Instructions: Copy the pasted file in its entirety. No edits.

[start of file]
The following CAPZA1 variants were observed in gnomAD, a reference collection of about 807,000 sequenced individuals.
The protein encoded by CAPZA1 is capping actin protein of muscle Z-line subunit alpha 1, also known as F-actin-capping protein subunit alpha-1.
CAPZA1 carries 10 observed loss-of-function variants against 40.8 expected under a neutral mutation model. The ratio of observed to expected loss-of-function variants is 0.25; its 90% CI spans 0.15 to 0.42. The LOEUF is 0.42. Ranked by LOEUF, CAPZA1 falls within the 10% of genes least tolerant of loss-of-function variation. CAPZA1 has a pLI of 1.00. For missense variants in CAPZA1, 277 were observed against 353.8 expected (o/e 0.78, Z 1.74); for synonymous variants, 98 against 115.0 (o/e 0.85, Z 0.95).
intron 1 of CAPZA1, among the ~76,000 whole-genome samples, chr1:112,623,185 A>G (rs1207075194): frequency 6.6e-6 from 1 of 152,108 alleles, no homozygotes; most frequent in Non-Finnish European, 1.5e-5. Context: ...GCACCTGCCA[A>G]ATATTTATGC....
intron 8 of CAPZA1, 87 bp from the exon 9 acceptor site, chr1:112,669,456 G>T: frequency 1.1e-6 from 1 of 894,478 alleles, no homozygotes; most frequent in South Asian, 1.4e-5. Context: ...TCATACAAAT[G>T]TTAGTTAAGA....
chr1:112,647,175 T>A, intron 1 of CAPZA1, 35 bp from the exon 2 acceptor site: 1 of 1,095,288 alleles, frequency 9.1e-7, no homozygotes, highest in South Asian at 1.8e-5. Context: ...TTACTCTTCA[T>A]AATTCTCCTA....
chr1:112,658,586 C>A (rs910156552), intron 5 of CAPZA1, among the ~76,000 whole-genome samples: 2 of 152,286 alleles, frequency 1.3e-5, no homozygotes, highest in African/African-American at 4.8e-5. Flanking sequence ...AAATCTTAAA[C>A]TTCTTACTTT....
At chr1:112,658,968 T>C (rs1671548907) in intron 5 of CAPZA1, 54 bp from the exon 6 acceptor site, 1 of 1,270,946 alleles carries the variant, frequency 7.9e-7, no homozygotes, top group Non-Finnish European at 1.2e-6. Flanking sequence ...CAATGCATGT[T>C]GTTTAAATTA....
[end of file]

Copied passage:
The following CAPZA1 variants were observed in gnomAD, a reference collection of about 807,000 sequenced individuals.
The protein encoded by CAPZA1 is capping actin protein of muscle Z-line subunit alpha 1, also known as F-actin-capping protein subunit alpha-1.
CAPZA1 carries 10 observed loss-of-function variants against 40.8 expected under a neutral mutation model. The ratio of observed to expected loss-of-function variants is 0.25; its 90% CI spans 0.15 to 0.42. The LOEUF is 0.42. Ranked by LOEUF, CAPZA1 falls within the 10% of genes least tolerant of loss-of-function variation. CAPZA1 has a pLI of 1.00. For missense variants in CAPZA1, 277 were observed against 353.8 expected (o/e 0.78, Z 1.74); for synonymous variants, 98 against 115.0 (o/e 0.85, Z 0.95).
intron 1 of CAPZA1, among the ~76,000 whole-genome samples, chr1:112,623,185 A>G (rs1207075194): frequency 6.6e-6 from 1 of 152,108 alleles, no homozygotes; most frequent in Non-Finnish European, 1.5e-5. Context: ...GCACCTGCCA[A>G]ATATTTATGC....
intron 8 of CAPZA1, 87 bp from the exon 9 acceptor site, chr1:112,669,456 G>T: frequency 1.1e-6 from 1 of 894,478 alleles, no homozygotes; most frequent in South Asian, 1.4e-5. Context: ...TCATACAAAT[G>T]TTAGTTAAGA....
chr1:112,647,175 T>A, intron 1 of CAPZA1, 35 bp from the exon 2 acceptor site: 1 of 1,095,288 alleles, frequency 9.1e-7, no homozygotes, highest in South Asian at 1.8e-5. Context: ...TTACTCTTCA[T>A]AATTCTCCTA....
chr1:112,658,586 C>A (rs910156552), intron 5 of CAPZA1, among the ~76,000 whole-genome samples: 2 of 152,286 alleles, frequency 1.3e-5, no homozygotes, highest in African/African-American at 4.8e-5. Flanking sequence ...AAATCTTAAA[C>A]TTCTTACTTT....
At chr1:112,658,968 T>C (rs1671548907) in intron 5 of CAPZA1, 54 bp from the exon 6 acceptor site, 1 of 1,270,946 alleles carries the variant, frequency 7.9e-7, no homozygotes, top group Non-Finnish European at 1.2e-6. Flanking sequence ...CAATGCATGT[T>C]GTTTAAATTA....